Multimedia Tuberculosis (TB)

The Hidden Epidemic

Written by Fathima Simjee

Despite being a major childhood killer, the plight of children with Tuberculosis has largely been ignored.

6391c6685ca5.jpgTuberculosis is threatening the lives of South Africa’€™s children.

Over 200 children die in our country every day before the age of five. While malnutrition, HIV/AIDS, diarrhea and pneumonia are cited as major childhood killers, tuberculosis rarely gets a mention.

Because children, unlike adults, rarely transmit the disease, public health programmes typically under-diagnose, under-treat, or omit children with TB altogether, making it one of the most neglected, yet deadly, childhood diseases.

TB in children presents differently to adults, and their symptoms can often be confused with other common childhood diseases. Yet insufficient data and medical research has left doctors with outdated methods of diagnosis and treatment, unsuited to children’€™s needs. It makes dealing with the disease difficult and painful, especially for young children and babies.

Compounding this, is the growing presence of drug resistant TB amongst children, where more and more patients are being infected with strains of bacteria that do not respond to the normal TB treatment. But, the medication against drug resistant TB is not formulated for children, so doctors are forced to use the same drugs prescribed to adults, and estimate an appropriate smaller dose. This treatment is long and incredibly toxic, and can cause severe side effects, like permanent deafness, loss of eyesight and kidney damage.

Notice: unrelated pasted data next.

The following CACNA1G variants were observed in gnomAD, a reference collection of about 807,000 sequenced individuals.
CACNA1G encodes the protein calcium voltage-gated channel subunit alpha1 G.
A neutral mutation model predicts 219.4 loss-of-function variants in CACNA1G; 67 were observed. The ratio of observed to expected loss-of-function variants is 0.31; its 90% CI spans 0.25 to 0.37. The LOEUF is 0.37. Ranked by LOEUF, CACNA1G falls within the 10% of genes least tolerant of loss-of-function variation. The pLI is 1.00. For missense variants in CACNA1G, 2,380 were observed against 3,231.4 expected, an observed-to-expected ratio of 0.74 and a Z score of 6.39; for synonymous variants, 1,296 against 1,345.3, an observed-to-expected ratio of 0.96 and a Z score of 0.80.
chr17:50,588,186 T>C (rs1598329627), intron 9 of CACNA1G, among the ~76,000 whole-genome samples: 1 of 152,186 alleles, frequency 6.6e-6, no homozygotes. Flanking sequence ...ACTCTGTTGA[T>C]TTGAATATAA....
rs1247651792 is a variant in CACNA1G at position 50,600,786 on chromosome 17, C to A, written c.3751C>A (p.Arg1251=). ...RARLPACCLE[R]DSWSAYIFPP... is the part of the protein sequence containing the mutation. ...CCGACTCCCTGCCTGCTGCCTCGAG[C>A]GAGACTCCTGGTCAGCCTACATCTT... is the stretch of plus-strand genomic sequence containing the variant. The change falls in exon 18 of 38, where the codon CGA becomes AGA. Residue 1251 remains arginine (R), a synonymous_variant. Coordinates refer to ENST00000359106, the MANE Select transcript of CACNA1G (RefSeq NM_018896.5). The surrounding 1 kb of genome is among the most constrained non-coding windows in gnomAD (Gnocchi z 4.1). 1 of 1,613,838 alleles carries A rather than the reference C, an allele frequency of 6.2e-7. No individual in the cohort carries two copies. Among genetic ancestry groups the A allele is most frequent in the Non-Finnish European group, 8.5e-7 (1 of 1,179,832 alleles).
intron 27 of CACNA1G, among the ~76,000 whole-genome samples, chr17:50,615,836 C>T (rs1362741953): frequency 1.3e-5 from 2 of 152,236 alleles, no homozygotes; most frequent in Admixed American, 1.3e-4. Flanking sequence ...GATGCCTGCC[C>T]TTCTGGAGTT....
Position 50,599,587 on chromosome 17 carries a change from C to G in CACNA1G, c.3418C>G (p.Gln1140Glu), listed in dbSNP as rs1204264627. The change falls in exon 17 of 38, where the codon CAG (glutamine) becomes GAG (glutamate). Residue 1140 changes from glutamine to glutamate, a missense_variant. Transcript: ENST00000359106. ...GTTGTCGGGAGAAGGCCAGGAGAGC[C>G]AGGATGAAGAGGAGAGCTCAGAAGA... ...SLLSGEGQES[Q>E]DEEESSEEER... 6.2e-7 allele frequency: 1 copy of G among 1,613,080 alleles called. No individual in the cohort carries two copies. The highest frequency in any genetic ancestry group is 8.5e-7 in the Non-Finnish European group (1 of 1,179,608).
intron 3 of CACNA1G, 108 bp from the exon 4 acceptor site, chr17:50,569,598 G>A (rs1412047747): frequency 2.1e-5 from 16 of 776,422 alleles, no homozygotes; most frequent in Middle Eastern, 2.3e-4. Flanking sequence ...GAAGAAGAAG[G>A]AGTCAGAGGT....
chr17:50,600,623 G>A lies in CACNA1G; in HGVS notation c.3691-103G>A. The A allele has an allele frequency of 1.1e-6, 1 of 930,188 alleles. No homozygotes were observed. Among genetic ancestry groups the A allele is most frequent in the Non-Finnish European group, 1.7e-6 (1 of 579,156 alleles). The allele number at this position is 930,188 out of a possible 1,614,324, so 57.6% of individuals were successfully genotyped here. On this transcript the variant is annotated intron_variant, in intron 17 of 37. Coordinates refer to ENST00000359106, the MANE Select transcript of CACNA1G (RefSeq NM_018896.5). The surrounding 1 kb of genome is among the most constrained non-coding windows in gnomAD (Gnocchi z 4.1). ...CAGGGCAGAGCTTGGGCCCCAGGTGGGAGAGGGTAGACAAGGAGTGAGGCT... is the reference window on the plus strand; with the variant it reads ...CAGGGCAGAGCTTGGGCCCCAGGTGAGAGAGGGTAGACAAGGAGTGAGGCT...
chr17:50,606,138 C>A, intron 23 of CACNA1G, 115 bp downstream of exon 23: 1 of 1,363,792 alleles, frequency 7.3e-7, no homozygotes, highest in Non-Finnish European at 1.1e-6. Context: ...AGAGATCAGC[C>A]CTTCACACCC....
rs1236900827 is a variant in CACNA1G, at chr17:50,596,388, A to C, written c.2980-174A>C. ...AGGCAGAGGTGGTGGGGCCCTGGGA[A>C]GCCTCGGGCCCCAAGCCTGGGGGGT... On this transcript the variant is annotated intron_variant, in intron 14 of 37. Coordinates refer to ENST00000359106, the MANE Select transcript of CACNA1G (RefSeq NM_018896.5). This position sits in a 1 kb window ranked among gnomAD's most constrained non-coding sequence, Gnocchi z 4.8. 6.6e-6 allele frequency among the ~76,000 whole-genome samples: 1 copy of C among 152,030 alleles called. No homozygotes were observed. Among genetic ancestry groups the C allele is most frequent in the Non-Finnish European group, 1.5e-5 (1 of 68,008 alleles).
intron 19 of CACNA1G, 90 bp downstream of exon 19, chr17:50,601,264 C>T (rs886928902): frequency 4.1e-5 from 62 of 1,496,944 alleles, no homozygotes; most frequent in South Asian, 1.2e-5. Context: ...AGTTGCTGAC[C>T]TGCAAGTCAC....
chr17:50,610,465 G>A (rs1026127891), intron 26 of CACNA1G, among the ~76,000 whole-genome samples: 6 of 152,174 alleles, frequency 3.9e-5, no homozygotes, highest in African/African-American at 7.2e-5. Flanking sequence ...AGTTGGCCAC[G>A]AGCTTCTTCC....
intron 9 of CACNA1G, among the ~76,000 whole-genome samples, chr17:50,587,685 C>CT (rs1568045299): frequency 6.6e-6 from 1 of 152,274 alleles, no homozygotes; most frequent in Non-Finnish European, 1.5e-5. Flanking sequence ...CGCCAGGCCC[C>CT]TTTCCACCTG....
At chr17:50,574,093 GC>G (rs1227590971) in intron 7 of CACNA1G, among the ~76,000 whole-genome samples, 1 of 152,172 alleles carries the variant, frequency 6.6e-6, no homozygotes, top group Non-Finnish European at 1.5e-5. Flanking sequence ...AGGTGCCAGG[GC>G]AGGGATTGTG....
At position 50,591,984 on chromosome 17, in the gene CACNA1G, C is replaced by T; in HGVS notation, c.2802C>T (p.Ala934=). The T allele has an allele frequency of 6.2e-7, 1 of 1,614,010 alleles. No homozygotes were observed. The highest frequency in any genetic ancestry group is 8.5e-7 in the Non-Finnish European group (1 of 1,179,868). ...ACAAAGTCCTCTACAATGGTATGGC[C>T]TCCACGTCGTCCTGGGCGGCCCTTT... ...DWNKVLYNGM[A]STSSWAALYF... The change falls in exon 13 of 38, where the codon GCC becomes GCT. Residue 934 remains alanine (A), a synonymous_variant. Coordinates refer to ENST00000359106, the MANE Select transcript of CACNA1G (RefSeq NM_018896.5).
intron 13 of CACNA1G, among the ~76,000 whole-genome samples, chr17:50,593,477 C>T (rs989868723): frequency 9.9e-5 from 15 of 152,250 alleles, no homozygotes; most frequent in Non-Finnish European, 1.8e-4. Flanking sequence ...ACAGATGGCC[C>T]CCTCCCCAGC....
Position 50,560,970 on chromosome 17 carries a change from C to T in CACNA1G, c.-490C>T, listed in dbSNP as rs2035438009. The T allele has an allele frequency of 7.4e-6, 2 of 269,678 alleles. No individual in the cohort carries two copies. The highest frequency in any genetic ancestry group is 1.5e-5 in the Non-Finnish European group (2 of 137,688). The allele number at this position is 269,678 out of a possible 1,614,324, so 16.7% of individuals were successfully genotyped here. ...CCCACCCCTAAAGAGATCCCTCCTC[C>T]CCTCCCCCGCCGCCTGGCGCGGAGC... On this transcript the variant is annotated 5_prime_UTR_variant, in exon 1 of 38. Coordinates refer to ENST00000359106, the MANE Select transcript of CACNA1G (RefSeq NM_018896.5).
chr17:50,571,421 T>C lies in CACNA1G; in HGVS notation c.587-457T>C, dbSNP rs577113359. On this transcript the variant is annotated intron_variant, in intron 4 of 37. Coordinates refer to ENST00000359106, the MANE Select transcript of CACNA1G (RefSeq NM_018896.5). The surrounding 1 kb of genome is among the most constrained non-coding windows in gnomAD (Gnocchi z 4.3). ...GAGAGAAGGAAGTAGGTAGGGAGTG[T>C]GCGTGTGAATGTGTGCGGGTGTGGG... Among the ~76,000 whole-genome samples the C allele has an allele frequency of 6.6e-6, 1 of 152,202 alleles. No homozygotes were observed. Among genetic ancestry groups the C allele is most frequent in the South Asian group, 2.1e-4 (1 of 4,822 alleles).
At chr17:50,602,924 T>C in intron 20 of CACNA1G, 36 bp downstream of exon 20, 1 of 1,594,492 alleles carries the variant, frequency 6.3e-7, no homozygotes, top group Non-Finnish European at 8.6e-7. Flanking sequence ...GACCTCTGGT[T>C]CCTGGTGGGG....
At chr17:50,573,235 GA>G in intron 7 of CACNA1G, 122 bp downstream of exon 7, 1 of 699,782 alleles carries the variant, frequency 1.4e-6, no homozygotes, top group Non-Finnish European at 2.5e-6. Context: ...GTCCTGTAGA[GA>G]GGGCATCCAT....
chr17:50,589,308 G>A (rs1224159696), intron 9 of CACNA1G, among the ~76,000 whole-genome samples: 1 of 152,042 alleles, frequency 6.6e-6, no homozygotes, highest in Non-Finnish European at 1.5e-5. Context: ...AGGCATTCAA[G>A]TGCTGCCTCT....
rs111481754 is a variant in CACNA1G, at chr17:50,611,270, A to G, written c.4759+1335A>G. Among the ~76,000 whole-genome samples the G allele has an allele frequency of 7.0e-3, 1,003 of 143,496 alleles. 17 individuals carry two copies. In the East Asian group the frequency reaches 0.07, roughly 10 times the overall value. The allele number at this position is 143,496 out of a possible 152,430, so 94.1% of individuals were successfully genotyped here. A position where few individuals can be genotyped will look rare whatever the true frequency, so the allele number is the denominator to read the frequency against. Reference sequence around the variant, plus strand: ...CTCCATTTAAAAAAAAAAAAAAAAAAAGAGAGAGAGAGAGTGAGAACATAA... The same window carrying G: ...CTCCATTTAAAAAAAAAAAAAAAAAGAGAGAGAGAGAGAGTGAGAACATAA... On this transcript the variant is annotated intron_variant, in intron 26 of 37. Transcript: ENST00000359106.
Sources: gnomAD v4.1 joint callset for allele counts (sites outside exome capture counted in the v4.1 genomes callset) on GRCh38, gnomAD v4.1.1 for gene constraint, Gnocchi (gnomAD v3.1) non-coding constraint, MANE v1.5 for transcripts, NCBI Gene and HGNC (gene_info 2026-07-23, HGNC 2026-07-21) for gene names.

Many children who do have drug resistant TB are isolated in hospitals for the duration of their treatment, which can be as long as 18 months. Taken from their families and homes, forced to wear masks, and only allowed limited physical contact with others, is a traumatic experience for any child.

TB is a disease of society and the burden carried by our children reflects many underlying problems within South Africa. Malnutrition, HIV/AIDS, and poverty, put them at higher risk of TB infection. But, in the face of this silent epidemic, they have been left vulnerable and unprotected.



About the author

Fathima Simjee

Fathima Simjee is a television journalist with Health-e News. You can follow her on Twitter @FatzSimjee